Whirlwind ends with announcement
Published 12:00 am Monday, August 15, 2005
The Selma Times-Journal
In economic development terms, it was a whirlwind courtship.
Just three or four months ago, Centre For Commerce President Wayne Vardaman fielded a call from Hanil E-Hwa’s David Kim.
The rest, as they say, is history.
Working at a breakneck pace in economic development terms – because Hanil E-Hwa is scheduled to be online by October – Selma and Dallas County’s economic leaders rolled up their sleeves and went to work.
“It was down between us and another city,” Vardaman said. “We just worked harder and everything worked out perfect.”
Vardaman was effusive in his praise for Team Selma, local governments, his staff and individuals who stepped in like Attorney Alan Reeves and George and Kathy Needham.
“Things just worked for us,” he said. “It’s been the shortest project but it’s been far more intense.”
Hanil E-Hwa Company Ltd. President and CEO Dr. J.K. Koo said it wasn’t only the Americans under pressure.
“The process of locating our first U.S. facility has been lengthy and intense,” he said at Friday’s press conference.
In the end, Vardaman said Selma and Dallas County’s willingness to roll with the punches and focus on speed made a huge difference.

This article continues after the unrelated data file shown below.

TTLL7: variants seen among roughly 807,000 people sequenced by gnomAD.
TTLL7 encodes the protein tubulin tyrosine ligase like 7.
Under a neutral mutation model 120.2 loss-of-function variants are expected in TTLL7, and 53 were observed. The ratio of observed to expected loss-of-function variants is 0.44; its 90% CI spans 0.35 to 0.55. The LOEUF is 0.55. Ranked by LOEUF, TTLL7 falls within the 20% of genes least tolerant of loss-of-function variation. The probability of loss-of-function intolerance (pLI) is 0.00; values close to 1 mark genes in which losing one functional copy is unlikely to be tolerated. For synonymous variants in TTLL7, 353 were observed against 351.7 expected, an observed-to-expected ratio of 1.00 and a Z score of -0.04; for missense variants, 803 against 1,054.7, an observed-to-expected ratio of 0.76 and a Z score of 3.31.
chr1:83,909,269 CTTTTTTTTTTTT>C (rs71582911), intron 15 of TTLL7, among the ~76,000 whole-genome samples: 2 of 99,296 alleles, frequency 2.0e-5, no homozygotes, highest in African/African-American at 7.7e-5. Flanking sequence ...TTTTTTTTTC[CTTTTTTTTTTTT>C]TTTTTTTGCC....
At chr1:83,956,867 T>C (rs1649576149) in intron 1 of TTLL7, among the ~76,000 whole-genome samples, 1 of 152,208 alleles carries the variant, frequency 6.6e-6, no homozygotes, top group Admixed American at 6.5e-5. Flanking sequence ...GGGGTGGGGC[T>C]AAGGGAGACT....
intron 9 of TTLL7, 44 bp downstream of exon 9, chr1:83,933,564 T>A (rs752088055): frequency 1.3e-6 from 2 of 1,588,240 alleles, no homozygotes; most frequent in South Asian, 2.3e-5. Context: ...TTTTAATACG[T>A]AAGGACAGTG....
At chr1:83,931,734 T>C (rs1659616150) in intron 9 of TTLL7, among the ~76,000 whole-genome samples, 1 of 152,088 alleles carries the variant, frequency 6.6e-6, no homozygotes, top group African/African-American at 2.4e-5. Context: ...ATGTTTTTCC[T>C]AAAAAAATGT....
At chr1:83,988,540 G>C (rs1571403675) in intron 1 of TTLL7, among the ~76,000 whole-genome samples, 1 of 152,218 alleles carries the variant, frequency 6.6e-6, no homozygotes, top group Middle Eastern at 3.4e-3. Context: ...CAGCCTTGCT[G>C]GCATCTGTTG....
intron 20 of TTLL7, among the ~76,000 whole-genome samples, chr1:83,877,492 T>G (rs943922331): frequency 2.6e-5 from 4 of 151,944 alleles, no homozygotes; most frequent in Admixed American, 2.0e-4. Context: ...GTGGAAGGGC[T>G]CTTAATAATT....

‘They asked us to do something and we did it (immediately),” Vardaman said. “We needed to outwork the other people, expect the unexpected and had a game plan for it.”
“That made a big difference for us,” Hanil E-Wha’s David Kim said. “(Plus) Good location, great people.”
Still, in the world of economic development, not everyone plays nicely.
Vardaman said Hanil E-Wha officials came in with an open mind and the ability to not believe all the negatives being tossed out by competitors.
“Economic development is very competitive,” Vardaman said.
Kim said Hanil E-Wha officials did not come into town with any preconceived notions.
“We kept our ears closed,” he said.
“They knew it was a very important historical city,” Vardaman said. “(They) looked at it from a business standpoint. It comes down to what makes the best business sense.”
In the end, Dallas County made the best business sense.
“Mainly, they had a great building,” Kim said. “Selma has been very willing to work with us.”